In the first case feudal landlord economy slowly evolves into bourgeois, Junker landlord economy, which condemns the peasants to decades of most harrowing expropriation and bondage, while at the same time a small minority of Grossbauern (“big peasants”)
In the second case there is no landlord economy, or else it is broken up by revolution, which confiscates and splits up the feudal estates. In that case the peasant predominates, becomes the sole agent of agriculture, and evolves into a capitalist farmer.
In the first case the main content of the evolution is transformation of feudal bondage into servitude and capitalist exploitation on the land of the feudal landlords—Junkers.
In the second case the main background is transformation of the patriarchal peasant into a bourgeois farmer.” (Lenin, The agrarian program of social-democracy in the first Russian revolution, 1905-1907, 1907)
“The two ways I have indicated of “solving” the agrarian question in developing bourgeois Russia correspond to the two paths of development of capitalism in agriculture.
I call these two paths the Prussian and the American paths.
The characteristic feature of the first is that medieval relations in landowning are not liquidated at one stroke, but are gradually adapted to capitalism, which because of this for a long time retains semi-feudal features.
Prussian landlordism was not crushed by the bourgeois revolution; it survived and became the basis of “Junker” economy, which is essentially capitalistic, but involves a certain degree of dependence of the rural population, such as the Gesindeordnung [“Regulation for Servants”, 1854. One of numerous laws in Prussia depriving farm labourers of all civil rights. Under this law the mere attempt of labourers to organise a strike was punishable with imprisonment.], etc.
As a consequence, the social and political domination of the Junkers was consolidated for many decades after 1848, and the productive forces of German agriculture developed far more slowly than in America.
There, on the contrary, it was not the old slave-holding economy of the big landowners that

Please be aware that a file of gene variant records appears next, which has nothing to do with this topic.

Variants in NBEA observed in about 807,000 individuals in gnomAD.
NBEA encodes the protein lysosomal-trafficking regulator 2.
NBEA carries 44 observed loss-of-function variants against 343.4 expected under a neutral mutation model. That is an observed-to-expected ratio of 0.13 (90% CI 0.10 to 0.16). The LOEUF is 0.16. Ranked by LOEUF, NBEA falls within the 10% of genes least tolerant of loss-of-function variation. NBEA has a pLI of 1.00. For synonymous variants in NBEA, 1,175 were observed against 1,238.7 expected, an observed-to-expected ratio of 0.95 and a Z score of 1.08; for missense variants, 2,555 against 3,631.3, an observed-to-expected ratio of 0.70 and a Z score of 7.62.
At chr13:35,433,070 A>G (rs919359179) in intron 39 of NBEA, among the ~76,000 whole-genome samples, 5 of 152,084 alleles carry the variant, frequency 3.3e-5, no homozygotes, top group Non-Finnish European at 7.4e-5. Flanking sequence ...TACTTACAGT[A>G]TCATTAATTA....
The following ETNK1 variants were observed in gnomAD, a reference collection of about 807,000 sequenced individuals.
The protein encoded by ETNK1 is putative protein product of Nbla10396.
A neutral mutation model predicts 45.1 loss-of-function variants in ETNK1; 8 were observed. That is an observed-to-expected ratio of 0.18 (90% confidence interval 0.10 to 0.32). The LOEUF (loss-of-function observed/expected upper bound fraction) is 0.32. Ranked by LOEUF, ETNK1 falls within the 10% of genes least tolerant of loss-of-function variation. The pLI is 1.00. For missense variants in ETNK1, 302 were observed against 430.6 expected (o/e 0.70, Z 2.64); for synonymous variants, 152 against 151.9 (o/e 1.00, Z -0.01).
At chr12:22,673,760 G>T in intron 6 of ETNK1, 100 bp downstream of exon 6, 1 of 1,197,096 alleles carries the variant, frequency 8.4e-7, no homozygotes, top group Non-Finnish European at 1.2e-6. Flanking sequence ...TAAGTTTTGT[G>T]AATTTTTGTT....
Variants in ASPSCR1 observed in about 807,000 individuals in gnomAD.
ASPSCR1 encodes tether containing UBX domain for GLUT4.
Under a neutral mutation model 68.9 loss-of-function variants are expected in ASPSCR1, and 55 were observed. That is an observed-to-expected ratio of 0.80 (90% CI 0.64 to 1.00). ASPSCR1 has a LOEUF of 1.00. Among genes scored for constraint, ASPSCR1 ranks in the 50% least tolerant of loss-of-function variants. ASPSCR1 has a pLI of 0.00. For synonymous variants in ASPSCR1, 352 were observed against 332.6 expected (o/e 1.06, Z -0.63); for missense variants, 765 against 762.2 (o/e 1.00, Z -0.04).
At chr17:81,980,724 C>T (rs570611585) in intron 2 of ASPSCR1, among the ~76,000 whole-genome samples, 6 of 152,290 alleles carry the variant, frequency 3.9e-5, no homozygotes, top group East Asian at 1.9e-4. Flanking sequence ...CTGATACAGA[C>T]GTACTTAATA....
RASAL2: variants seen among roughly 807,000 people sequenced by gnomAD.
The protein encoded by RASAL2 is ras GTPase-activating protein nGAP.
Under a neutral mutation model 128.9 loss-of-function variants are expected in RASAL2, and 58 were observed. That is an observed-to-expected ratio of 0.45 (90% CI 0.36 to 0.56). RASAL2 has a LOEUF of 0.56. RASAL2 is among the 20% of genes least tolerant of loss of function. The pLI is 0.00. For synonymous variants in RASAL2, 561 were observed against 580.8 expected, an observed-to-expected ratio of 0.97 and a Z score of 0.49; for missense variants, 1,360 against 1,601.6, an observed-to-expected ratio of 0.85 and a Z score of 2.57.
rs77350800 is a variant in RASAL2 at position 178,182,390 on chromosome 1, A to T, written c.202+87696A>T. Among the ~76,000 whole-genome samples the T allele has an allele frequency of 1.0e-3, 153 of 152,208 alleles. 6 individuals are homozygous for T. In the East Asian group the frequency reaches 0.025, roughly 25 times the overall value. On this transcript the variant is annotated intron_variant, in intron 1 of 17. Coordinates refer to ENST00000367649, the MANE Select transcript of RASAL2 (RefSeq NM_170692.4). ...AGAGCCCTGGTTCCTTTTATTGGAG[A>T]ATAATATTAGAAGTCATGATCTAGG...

became the basis of capitalist agriculture (the Civil War smashed the slave-owners’ estates), but the free economy of the free farmer working on free land—free from all medieval fetters, from serfdom and feudalism on the one hand, and from the fetters of private property in land, on the other.
Land was given away in America, out of its vast resources, at a nominal price; and it is only on a new, fully capitalist basis that private property in land has now developed there.
Both these paths of capitalist development quite clearly emerged in Russia after 1861. The progress of landlord farming is undoubted, and the slowness of this progress is not accidental, but inevitable so long as the survivals of serfdom remain.
It is also beyond doubt that the freer the peasants are, the less they are weighed down by the remnants of serfdom (in the south, for example, all these favourable conditions exist), and finally, the better, all in all, the peasants are provided with land, the greater is the differentiation among the peasantry and the more rapid is the process of forming a class of rural capitalist farmers.
The whole question of the further development of the country boils down to this: which of the two paths of development will ultimately prevail, and, correspondingly, which class will carry through the necessary and inevitable change—the old land-owning gentry or the free peasant farmer?”
(Lenin, The agrarian question in Russia towards the close of the nineteenth century, 1908)